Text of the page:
Wishes

We use past tense forms to talk about wishes:

  • We use past tense modals would and could to talk about wishes for the future:

I don’t like my work. I wish I could get a better job.
That’s a dreadful noise. I wish it would stop.
I always have to get home early. I wish my parents would let me stay out later.

  •  We use past tense forms to talk about wishes for the present:

I don’t like this place. I wish I lived somewhere more interesting.
These seats are very uncomfortable. I wish we were travelling first class.
Everyone wishes they had more free time.
John wishes he wasn’t so busy.
I wish it wasn’t so cold.

  • We use the past perfect to talk about wishes for the past:

I wish I had worked harder when I was at school.
Mary wishes she had listened to what her mother told her.
I wish I hadn’t spent so much money last month.


Hypotheses (things that we imagine)

When we are talking about hypotheses:

  • We use present tense forms after phrases like what if, in case and suppose to talk about the future if we think it is likely to happen:

Those steps are dangerous. Suppose someone has an accident.
We should leave home early in case we are late.

  • We use a past tense form to talk about the future after suppose and what if to suggest something is not likely to happen:

It might be dangerous. Suppose they got lost.
What if he lost his job. What would happen then?

  • We use modals would, could for a hypothesis about the future:

We can’t all stay in a hotel. It would be very expensive.
Drive carefully. You could have an accident.

  • We use would in the main clause and the past in a subordinate clause to talk about the imagined future:

I would always help someone who really needed help.
I would always help someone if they really needed it.

  • We use modals with have to talk about something that did not happen in the past:

I did not see Mary, or I might have spoken to her.
It’s a pity Jack wasn’t at the party. He would have enjoyed this party.
Why didn’t you ask me. I could have told you the answer.

 

 

Exercise

Section: 

Comments

Hello,
Sir please tell me which sentence is correct and why:
1) If we hadn't been waiting for you we would already be eating dinner by now.
2) If we hadn't been waiting for you we would have been eating dinner by now.
Thank you in advance.

Hello SahilK,

Which one do you think is correct and why (or why not)?

All the best,
Kirk
The LearnEnglish Team

Hello,
Sir, I was reading a book where I found the 1st sentence, which means the first sentence is correct. But as I have studied conditional sentences so in my opinion 2nd one should be the correct one. I am kind of confused here.
Thank you in advance

Hello SahilK,

I would say that both forms are possible here. The present form (would be eating) emphasises that the action is in progress; the perfect form (would have been eating) emphasises that the action started in the past and is continuing. Both forms accurately represent the intended meaning and so the choice is the speaker's in this context.

I think the perfect form is probably the more likely in this particular sentence because of the phrase 'by now'. If the time reference were simply 'now' then the present form would be more likely, I think. However, both are possible, as I said above.

 

Best wishes,

Peter

The LearnEnglish Team

Hello,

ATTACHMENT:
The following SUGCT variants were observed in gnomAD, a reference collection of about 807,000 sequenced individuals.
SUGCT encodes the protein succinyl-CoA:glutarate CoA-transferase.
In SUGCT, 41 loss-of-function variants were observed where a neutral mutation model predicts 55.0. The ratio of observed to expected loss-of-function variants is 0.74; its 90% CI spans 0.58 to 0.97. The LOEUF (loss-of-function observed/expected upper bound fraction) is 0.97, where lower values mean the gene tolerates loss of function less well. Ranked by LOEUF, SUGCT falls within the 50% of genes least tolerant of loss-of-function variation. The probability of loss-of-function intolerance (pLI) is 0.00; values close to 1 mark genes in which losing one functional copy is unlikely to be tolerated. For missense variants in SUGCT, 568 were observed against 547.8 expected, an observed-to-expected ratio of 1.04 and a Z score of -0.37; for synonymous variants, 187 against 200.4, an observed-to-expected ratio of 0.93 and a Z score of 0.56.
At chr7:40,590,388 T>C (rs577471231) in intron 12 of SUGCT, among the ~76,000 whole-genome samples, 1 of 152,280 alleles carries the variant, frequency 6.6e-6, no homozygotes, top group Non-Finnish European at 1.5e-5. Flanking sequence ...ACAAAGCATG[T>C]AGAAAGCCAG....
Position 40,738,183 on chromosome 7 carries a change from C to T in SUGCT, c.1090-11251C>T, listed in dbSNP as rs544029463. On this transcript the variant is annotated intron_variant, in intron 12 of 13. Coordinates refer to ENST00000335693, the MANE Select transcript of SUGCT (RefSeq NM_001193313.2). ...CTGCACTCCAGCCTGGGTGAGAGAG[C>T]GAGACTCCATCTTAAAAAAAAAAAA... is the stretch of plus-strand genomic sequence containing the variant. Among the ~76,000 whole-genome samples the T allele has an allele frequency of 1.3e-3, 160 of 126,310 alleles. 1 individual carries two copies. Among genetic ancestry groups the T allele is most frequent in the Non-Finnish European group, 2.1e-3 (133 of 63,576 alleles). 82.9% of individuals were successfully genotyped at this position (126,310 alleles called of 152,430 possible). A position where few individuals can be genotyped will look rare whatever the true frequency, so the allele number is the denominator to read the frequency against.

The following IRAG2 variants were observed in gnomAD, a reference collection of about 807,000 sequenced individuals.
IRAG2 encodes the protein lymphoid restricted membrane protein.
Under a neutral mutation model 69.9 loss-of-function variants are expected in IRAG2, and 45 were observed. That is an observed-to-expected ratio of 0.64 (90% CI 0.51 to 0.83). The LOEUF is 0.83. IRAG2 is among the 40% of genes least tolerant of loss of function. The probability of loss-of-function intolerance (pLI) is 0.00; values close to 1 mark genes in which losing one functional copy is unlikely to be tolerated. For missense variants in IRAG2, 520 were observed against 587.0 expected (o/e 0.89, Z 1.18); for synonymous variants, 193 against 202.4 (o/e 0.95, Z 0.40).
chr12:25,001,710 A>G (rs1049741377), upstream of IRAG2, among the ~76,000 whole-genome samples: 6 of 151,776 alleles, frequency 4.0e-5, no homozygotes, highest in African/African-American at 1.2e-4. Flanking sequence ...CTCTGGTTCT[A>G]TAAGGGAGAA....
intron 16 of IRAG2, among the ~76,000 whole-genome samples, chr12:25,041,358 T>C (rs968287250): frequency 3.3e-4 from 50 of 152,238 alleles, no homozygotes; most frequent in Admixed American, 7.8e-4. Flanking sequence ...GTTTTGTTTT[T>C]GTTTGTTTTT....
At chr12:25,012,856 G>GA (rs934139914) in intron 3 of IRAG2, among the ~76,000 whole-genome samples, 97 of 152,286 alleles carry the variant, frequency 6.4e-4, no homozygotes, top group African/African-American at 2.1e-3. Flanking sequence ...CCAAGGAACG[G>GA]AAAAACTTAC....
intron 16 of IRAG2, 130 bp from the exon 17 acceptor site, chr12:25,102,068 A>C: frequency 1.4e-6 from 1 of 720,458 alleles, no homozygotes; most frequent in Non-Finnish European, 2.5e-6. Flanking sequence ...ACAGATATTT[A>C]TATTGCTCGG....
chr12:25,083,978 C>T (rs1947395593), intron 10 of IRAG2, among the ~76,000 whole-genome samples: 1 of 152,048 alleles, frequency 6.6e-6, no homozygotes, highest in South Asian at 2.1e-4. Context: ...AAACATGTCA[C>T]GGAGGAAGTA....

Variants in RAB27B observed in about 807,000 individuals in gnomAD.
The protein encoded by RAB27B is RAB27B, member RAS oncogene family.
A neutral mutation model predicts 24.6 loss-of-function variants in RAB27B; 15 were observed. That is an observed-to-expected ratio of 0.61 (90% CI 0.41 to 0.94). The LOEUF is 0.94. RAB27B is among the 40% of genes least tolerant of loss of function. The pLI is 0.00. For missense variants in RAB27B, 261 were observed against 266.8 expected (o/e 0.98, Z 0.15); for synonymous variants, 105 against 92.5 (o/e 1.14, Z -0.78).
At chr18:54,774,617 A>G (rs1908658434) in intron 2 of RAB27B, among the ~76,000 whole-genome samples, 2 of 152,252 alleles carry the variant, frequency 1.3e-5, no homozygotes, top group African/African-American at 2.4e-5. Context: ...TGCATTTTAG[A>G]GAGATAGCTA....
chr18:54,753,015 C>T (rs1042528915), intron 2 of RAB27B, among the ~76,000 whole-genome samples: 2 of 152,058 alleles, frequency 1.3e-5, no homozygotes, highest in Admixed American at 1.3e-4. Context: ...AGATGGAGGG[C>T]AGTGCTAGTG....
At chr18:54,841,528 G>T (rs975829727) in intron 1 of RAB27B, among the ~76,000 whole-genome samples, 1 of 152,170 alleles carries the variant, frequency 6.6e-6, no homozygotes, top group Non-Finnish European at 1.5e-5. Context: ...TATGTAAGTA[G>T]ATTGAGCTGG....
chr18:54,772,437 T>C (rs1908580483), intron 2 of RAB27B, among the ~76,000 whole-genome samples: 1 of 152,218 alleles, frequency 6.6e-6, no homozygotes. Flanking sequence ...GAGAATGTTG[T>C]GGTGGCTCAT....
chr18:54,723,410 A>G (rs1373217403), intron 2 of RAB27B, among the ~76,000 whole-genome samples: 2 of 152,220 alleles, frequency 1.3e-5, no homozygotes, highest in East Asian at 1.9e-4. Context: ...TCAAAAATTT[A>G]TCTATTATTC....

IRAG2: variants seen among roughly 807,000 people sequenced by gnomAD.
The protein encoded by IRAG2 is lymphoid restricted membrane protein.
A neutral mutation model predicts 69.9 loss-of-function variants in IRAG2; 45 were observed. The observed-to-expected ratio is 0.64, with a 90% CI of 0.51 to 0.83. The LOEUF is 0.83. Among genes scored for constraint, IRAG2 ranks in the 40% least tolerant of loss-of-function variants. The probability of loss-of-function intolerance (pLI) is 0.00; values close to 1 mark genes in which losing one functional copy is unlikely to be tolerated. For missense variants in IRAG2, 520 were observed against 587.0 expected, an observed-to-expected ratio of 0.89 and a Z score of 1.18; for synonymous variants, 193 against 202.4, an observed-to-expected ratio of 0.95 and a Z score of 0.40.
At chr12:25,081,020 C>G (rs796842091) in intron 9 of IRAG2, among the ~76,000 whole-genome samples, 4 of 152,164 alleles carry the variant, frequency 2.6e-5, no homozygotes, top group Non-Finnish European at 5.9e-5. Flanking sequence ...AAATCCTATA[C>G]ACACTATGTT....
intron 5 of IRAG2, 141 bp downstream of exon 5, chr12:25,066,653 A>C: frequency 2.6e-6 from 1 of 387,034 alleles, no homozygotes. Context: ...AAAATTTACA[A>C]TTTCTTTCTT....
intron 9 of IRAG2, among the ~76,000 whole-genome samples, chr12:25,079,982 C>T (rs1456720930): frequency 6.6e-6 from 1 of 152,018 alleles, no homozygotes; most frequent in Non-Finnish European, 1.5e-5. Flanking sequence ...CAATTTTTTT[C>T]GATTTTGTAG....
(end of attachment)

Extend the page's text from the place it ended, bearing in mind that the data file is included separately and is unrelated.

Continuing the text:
Sir what if we omit "by" in both the sentences? Will the sentences be right even now?
And what if we write the sentence like "If we hadn't been waiting for you we would have had dinner by now". Is this right?
Thank you in advance

Hello SahilK,

Yes, both sentences are still correct if you say 'now' instead of 'by now'. The meaning is slightly different, however -- 'by now' means before now or now, whereas 'now' just means 'now'.

Yes, your new sentence is also correct.

It looks as if you understand this grammar well -- well done!

All the best,
Kirk
The LearnEnglish Team

Hello Sir,
I'd like to know if my English lesson (made by my teacher) is correct or not. We work on the expression of wishes and regrets. This is my lesson :
"For expressing a wish for oneself : I wish + to + Verb
For expressing a wish for someone else : I wish + direct object complement + to + Verb
For expressing a wish for someone else : I wish + Subject + CAN + Verb
Examples : I wish to get my driver's license soon ! I wish you to pass your French exam !"
There is also one sentence that seems strange to me : "I wish you can come shopping with me."
Can you please tell me if that lesson is correct or not ? Thank you.
Your faithfully,

Hello Sienna7,

I'd encourage you to speak with your teacher about the lesson; perhaps he or she was speaking of a specific context. Some of the constructions, like the first one, are correct but are very unusual -- no one would use this construction in informal, or even many formal, settings, for example. The last sentence you ask about is almost correct -- if you change 'can' to 'could' then it will be correct.

All the best,
Kirk
The LearnEnglish Team

Hello,
Thank you very much for your quick reply and your help.
That's what I thought.
Your faithfully,

Hello,
Sir I was looking at this sentence, "I wish I lived in somewhere more interesting". So, can't we write it as "I wish I was living in some place or somewhere more interesting"?
Other doubt is in the sentence that I want to frame like sir, if you just imagine a situation where me and my friend both went for an interview but unfortunately he didn't get selected. So if I want to frame this situation in a sentence would that be like " I got selected in the interview but my friend didn't. I wish he also had been selected" and if this is correct then please tell me why have we used "had been" here ?
And sir can you suggest me some ways to improve my spoken English ?

Thank you in advance

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